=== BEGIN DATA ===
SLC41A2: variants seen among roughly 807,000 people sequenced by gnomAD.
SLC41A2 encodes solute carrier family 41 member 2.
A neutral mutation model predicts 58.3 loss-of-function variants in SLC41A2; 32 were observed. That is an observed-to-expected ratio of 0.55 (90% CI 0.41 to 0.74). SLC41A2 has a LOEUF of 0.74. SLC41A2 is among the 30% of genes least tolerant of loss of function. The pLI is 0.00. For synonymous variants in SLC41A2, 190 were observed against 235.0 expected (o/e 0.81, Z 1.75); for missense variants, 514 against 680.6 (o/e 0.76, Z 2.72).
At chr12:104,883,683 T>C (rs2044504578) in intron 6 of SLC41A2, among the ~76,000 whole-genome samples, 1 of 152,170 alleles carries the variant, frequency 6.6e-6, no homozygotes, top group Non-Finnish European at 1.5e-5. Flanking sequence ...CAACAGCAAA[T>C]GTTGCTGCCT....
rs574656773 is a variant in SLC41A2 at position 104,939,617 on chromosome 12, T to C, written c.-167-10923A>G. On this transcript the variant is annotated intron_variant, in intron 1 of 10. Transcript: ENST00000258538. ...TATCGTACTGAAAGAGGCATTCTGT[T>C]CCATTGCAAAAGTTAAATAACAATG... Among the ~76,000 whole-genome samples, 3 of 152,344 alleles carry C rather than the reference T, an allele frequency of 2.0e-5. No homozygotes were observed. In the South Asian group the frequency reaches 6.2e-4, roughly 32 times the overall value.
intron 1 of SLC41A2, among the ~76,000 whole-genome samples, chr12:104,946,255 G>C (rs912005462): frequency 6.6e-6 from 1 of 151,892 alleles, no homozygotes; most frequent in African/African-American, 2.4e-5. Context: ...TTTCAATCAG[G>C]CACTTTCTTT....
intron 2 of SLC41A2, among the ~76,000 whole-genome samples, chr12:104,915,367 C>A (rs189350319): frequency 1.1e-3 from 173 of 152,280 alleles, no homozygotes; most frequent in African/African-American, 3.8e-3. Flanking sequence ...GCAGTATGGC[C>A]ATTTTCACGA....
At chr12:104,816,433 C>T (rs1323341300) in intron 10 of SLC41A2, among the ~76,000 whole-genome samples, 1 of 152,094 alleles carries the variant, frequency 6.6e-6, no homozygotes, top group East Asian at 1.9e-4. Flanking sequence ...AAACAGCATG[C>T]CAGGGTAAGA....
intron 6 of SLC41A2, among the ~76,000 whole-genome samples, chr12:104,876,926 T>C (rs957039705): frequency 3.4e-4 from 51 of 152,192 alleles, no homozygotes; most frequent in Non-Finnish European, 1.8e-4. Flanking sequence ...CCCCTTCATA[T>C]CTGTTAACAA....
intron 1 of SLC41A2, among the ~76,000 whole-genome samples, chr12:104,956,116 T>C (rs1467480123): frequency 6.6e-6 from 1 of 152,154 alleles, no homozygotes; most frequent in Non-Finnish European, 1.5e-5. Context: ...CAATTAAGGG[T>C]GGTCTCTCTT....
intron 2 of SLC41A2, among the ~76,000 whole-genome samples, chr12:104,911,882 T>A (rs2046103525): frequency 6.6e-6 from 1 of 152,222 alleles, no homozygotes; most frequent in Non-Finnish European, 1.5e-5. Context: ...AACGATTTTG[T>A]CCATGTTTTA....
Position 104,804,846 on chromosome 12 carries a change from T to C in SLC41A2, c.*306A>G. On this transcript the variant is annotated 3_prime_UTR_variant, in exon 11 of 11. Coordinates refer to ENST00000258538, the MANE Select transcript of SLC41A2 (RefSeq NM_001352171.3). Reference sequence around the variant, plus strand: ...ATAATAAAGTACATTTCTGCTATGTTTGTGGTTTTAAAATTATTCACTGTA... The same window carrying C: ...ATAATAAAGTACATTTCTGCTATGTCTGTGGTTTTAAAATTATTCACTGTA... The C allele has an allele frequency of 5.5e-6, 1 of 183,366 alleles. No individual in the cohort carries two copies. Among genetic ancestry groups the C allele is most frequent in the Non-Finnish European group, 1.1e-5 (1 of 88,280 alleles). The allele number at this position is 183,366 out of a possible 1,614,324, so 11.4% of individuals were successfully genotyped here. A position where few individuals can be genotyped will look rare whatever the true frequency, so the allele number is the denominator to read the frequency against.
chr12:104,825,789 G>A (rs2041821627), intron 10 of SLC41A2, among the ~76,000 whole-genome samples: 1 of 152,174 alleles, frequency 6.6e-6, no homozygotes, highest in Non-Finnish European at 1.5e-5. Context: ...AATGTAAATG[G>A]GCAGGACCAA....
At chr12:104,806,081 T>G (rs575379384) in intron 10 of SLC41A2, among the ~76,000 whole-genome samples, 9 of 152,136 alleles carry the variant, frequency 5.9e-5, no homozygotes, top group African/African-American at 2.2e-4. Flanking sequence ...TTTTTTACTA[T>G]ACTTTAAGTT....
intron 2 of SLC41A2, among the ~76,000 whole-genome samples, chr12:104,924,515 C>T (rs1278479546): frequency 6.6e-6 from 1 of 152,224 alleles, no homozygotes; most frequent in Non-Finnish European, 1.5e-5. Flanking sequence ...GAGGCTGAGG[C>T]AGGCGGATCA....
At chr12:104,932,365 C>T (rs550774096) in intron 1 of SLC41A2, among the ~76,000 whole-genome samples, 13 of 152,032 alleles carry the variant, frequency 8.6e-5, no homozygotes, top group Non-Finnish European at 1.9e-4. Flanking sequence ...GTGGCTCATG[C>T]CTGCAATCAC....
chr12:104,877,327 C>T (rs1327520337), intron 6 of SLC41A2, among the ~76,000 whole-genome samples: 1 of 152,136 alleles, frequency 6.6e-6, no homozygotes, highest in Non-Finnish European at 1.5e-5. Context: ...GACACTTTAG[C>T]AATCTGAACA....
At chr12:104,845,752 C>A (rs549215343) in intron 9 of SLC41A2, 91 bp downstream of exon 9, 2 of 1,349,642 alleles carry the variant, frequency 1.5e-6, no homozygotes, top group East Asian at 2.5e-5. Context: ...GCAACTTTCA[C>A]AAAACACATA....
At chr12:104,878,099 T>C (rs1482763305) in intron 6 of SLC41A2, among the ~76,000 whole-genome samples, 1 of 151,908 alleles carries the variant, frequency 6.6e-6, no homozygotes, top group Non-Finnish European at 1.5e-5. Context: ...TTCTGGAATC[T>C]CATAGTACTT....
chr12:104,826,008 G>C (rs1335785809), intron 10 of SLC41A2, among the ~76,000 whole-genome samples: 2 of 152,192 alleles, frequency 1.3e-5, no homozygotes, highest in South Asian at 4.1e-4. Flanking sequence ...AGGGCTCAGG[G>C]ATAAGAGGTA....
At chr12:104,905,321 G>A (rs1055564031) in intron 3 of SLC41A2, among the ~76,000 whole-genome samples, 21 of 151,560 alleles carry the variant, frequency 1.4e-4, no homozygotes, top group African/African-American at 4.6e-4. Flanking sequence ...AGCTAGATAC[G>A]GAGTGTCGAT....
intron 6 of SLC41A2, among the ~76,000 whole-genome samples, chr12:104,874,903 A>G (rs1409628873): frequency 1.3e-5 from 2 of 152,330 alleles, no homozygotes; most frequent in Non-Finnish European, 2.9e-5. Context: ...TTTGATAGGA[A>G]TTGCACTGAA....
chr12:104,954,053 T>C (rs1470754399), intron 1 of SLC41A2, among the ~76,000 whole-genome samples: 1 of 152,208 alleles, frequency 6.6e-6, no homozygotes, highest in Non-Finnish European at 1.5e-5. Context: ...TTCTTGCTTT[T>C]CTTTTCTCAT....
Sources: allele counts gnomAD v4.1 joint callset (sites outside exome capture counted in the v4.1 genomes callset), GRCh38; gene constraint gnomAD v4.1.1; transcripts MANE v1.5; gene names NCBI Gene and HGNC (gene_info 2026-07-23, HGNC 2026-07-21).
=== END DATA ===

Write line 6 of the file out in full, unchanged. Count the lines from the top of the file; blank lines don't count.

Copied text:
intron 1 of SLC41A2, among the ~76,000 whole-genome samples, chr12:104,946,255 G>C (rs912005462): frequency 6.6e-6 from 1 of 151,892 alleles, no homozygotes; most frequent in African/African-American, 2.4e-5. Context: ...TTTCAATCAG[G>C]CACTTTCTTT....